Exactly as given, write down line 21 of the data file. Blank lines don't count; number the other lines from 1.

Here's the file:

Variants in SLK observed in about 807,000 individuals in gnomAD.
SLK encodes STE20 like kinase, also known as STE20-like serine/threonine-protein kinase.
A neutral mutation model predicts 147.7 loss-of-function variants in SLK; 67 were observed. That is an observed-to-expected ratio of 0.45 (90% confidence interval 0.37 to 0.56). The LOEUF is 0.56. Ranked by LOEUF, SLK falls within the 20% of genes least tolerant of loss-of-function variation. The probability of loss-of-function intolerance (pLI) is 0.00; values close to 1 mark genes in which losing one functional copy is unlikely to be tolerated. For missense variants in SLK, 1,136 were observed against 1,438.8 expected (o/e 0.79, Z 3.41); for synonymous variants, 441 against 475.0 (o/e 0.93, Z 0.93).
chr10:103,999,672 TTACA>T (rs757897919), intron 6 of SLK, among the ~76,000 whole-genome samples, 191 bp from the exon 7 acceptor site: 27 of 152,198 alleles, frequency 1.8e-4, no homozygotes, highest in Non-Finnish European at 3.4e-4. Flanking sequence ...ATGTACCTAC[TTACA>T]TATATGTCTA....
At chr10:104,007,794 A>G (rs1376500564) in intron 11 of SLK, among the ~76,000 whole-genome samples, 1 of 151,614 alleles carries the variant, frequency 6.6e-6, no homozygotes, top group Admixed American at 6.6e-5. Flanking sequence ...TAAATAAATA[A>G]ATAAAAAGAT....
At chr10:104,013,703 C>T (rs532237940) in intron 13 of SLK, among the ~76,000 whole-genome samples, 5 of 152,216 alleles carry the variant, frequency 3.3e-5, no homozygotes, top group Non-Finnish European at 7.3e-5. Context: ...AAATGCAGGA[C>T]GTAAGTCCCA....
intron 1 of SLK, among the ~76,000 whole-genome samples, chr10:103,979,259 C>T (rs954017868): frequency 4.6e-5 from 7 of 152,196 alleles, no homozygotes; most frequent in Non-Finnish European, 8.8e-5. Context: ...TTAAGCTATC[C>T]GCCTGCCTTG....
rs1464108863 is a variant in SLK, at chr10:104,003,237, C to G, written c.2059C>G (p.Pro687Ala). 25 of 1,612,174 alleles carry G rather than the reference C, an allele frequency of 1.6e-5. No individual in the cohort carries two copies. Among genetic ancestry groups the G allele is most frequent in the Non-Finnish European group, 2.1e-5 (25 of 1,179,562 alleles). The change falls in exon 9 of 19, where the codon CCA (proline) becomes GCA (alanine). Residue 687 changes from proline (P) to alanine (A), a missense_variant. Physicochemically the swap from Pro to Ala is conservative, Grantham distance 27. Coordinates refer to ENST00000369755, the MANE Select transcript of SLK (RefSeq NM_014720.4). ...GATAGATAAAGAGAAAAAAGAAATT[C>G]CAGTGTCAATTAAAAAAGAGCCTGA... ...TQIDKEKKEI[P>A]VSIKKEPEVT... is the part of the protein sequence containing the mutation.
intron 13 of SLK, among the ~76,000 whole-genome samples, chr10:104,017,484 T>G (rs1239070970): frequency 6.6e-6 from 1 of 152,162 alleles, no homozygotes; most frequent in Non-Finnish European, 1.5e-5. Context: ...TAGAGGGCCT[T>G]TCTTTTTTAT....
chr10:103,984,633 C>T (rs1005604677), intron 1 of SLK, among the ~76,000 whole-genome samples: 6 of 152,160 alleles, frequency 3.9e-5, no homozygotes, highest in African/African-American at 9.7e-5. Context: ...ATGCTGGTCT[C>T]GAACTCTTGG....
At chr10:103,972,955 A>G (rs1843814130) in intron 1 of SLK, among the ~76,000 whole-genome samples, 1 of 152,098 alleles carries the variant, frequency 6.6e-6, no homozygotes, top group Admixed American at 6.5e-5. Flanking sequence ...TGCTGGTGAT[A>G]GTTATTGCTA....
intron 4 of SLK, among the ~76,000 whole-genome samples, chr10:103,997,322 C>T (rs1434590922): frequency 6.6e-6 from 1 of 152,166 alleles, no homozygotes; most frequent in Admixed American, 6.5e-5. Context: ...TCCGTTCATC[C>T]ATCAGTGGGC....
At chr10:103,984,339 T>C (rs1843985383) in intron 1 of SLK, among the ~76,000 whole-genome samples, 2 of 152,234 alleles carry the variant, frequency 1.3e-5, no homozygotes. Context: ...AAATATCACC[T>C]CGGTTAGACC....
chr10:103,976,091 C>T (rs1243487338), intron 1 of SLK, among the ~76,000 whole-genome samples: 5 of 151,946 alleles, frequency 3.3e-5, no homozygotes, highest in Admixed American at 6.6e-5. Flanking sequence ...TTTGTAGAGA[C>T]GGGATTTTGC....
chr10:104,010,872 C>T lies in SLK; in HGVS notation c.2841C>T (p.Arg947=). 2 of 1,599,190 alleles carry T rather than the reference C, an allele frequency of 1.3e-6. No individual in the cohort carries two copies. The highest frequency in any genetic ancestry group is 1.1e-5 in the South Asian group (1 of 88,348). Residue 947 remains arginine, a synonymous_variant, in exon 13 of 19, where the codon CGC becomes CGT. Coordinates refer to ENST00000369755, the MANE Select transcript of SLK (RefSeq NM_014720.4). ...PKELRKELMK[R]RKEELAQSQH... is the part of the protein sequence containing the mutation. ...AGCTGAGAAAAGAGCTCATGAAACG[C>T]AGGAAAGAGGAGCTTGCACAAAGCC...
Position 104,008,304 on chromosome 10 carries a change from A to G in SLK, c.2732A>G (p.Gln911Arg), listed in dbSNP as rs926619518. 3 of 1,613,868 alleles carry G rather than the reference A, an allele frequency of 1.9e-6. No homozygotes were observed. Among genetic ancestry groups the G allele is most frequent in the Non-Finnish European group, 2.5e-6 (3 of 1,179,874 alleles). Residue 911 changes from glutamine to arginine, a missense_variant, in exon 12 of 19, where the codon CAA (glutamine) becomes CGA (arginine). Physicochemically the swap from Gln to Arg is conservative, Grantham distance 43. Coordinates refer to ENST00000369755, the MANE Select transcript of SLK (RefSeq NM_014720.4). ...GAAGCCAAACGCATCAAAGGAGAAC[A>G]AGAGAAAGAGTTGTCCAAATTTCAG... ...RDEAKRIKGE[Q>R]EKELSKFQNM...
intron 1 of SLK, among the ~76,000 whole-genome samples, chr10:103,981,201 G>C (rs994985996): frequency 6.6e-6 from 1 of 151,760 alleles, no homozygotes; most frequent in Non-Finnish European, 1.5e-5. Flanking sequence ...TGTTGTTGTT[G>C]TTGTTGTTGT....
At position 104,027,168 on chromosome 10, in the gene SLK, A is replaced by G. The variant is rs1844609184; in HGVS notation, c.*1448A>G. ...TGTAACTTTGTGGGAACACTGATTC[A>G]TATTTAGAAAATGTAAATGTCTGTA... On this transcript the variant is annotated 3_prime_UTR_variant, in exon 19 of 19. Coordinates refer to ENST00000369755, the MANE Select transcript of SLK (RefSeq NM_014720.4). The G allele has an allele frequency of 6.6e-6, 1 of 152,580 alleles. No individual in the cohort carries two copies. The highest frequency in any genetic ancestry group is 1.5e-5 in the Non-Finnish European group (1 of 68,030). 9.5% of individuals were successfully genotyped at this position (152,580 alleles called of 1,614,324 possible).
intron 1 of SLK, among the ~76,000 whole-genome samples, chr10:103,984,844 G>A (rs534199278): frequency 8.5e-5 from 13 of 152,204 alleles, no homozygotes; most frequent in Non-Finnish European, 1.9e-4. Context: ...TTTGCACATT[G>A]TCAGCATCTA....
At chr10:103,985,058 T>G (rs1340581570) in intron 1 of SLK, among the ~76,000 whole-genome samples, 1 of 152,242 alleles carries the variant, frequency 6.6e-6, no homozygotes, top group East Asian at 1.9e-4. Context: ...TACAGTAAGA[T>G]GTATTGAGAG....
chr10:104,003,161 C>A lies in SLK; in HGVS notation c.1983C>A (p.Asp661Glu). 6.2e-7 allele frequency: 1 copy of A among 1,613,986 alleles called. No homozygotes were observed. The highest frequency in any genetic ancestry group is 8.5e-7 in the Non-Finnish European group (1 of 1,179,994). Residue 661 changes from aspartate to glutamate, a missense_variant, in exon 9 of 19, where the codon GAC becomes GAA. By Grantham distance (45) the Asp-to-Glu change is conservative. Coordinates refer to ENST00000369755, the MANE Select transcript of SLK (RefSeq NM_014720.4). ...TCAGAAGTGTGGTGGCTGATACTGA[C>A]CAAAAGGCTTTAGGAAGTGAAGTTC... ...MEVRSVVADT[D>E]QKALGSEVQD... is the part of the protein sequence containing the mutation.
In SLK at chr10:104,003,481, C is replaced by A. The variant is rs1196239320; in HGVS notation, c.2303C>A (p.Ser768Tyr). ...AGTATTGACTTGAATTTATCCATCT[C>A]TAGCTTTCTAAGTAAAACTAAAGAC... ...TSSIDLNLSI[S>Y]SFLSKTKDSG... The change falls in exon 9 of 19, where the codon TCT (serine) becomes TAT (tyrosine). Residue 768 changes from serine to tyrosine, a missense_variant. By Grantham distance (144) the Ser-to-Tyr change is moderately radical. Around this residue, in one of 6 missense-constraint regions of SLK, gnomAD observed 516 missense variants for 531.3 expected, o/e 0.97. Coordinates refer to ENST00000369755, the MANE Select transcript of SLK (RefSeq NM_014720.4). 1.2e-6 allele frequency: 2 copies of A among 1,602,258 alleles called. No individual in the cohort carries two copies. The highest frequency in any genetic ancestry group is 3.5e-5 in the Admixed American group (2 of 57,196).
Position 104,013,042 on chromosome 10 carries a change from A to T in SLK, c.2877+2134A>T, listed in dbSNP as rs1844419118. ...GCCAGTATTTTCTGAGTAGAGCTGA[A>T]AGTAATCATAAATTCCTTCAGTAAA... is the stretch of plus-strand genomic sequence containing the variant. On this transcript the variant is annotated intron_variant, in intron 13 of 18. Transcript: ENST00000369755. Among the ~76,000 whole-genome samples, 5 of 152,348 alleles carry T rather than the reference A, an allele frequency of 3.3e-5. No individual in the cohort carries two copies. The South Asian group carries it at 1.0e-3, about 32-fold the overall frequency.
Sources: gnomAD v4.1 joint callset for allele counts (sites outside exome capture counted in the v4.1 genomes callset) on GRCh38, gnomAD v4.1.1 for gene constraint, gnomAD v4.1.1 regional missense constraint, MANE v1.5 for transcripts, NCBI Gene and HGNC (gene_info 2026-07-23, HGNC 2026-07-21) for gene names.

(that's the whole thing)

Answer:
chr10:104,003,161 C>A lies in SLK; in HGVS notation c.1983C>A (p.Asp661Glu). 6.2e-7 allele frequency: 1 copy of A among 1,613,986 alleles called. No homozygotes were observed. The highest frequency in any genetic ancestry group is 8.5e-7 in the Non-Finnish European group (1 of 1,179,994). Residue 661 changes from aspartate to glutamate, a missense_variant, in exon 9 of 19, where the codon GAC becomes GAA. By Grantham distance (45) the Asp-to-Glu change is conservative. Coordinates refer to ENST00000369755, the MANE Select transcript of SLK (RefSeq NM_014720.4). ...TCAGAAGTGTGGTGGCTGATACTGA[C>A]CAAAAGGCTTTAGGAAGTGAAGTTC... ...MEVRSVVADT[D>E]QKALGSEVQD... is the part of the protein sequence containing the mutation.